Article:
There is no place for peace. These are the words uttered by the main atagonist Wirepa (Te Kohe Tuhaka), in one of the opening scenes of Toa Fraser’s The Dead Lands. The statement is a strong indicator of what’s to come, as the film takes us on an action-packed ride with its depiction of an epic tribal conflict.
The events of the film begin with an act of treachery. A warmonger named Wirepa dishonors the bones of his own ancestors – a major offence in New Zealand’s Maori culture – and blames it on Hongi (James Rolleston), son of the rival tribe’s chieftain. Hongi professes his innocence and his people believe him, knowing Wirepa’s reputation. With no way of proving guilt however, Wirepa seizes the opportunity to reignite a long-standing conflict between the two tribes. Later that night, Wirepa leads a massacre of Hongi’s family and people, with only Hongi and a scant few left alive. Devastated from the loss and fueled by expectations as the new leader of the tribe, Hongi must now embark on a revenge mission. His journey will take him through the dangerous Dead Lands, where he manages to team up with a mysterious man they call “The Warrior” (played by Lawrence Makoare). After a crash course in hand-to-hand combat, the stage is set for a rumble in the jungle.
As we follow this daring “David and Goliath” mission, Hongi quickly becomes a hero we want to root for. In a world where cannibalism is the norm rather than the exception, this is no easy task. Through Rolleston’s mild-mannered performance however, the character is humanized to a large degree, revealing a gentle soul forced into extraordinary circumstances.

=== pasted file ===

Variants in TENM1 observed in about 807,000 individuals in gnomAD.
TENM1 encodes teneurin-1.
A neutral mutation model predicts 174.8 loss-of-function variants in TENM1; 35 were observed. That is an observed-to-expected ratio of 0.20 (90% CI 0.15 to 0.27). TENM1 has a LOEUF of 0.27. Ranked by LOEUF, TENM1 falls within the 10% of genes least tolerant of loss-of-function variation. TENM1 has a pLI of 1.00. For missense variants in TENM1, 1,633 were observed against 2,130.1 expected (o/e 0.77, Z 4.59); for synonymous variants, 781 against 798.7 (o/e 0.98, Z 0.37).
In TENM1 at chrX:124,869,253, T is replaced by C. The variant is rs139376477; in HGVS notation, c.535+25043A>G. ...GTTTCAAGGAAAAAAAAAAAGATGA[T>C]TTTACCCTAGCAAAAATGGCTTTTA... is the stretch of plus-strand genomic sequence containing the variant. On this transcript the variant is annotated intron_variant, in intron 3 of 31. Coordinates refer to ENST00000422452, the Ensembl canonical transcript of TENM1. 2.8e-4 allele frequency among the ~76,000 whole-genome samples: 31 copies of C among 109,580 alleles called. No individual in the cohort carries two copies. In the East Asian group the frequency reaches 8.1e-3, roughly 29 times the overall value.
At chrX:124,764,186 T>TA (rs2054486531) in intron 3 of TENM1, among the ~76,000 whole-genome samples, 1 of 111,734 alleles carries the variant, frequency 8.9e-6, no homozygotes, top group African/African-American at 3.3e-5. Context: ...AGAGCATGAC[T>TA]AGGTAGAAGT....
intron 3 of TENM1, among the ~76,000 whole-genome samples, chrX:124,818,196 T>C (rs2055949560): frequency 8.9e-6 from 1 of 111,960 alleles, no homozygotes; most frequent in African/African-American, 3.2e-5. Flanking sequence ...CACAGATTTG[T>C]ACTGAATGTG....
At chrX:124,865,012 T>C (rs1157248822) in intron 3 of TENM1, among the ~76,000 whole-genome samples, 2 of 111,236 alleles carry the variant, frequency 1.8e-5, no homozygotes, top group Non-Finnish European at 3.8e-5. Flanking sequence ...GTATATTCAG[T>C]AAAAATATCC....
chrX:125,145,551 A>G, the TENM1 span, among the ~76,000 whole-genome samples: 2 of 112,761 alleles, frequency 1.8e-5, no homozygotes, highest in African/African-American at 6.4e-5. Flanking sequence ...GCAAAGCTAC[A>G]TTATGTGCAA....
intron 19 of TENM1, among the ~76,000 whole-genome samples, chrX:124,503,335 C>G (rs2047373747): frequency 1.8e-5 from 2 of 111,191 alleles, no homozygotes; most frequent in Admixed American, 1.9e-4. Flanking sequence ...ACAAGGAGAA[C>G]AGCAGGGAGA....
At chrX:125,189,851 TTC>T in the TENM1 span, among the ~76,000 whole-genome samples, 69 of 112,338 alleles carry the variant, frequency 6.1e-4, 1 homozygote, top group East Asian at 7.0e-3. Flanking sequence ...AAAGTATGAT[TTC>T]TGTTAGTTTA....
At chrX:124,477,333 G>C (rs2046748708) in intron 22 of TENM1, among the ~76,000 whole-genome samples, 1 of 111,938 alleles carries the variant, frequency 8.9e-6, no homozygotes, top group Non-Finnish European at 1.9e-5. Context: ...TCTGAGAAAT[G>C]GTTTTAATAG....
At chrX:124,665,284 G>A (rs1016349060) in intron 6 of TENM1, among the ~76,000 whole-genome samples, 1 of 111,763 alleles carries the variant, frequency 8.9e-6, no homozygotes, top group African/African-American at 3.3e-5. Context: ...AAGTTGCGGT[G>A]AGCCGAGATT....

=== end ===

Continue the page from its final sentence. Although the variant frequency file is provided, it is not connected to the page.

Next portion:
But the best performance really belongs to Tuhaka as the bloodthirsty Wirepa. Armed with a devious smirk and prone to explosive rage, Tuhaka finds the ideal balance between bad boy charisma and genuine menace that makes for a great villain. Particularly on the battlefield, he makes for an exciting foil for Rolleston and Makoare.
The action all leads up to a final, bloody showdown that delivers some big thrills. In getting there however, the screenplay follows a fairly predictable revenge narrative. Fraser’s direction does set the film apart though, applying a distinct air of mysticism and spirituality. Drawing from the real-life beliefs of Maori people and their reverence for the dead, he creates a chilling, haunted atmosphere. The ideas of blood honor and the presence of spirits are evocatively conveyed through the sound design and cinematography, especially in the fanciful dream sequences where characters converse with the dead.
These thematic elements add insightful sociocultural context, but the high-energy action sequences remain as the main attraction. Fraser pulls no punches as he ramps up the intensity with the aid of an awesome score, and sound effects that make the extreme brutality feel all the more visceral. With the increasing popularity of unique martial arts films from the Asia-Pacific region (e.g. The Raid franchise), The Dead Lands should have no trouble attracting a captive audience.
The Dead Lands releases in select theaters April 17, 2015.